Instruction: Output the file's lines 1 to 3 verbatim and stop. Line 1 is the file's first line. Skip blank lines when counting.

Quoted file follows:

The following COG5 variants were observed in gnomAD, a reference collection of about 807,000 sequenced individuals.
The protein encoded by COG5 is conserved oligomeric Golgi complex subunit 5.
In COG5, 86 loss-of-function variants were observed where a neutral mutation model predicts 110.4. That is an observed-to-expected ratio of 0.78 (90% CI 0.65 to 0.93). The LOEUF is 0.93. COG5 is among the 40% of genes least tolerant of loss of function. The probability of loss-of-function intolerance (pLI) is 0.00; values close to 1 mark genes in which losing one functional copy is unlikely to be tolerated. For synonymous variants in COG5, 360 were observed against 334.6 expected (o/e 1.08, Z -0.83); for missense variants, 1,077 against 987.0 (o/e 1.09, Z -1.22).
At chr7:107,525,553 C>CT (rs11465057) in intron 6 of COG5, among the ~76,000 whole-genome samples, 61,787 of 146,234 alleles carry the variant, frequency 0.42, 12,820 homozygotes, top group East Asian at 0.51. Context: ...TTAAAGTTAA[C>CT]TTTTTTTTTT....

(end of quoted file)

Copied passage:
The following COG5 variants were observed in gnomAD, a reference collection of about 807,000 sequenced individuals.
The protein encoded by COG5 is conserved oligomeric Golgi complex subunit 5.
In COG5, 86 loss-of-function variants were observed where a neutral mutation model predicts 110.4. That is an observed-to-expected ratio of 0.78 (90% CI 0.65 to 0.93). The LOEUF is 0.93. COG5 is among the 40% of genes least tolerant of loss of function. The probability of loss-of-function intolerance (pLI) is 0.00; values close to 1 mark genes in which losing one functional copy is unlikely to be tolerated. For synonymous variants in COG5, 360 were observed against 334.6 expected (o/e 1.08, Z -0.83); for missense variants, 1,077 against 987.0 (o/e 1.09, Z -1.22).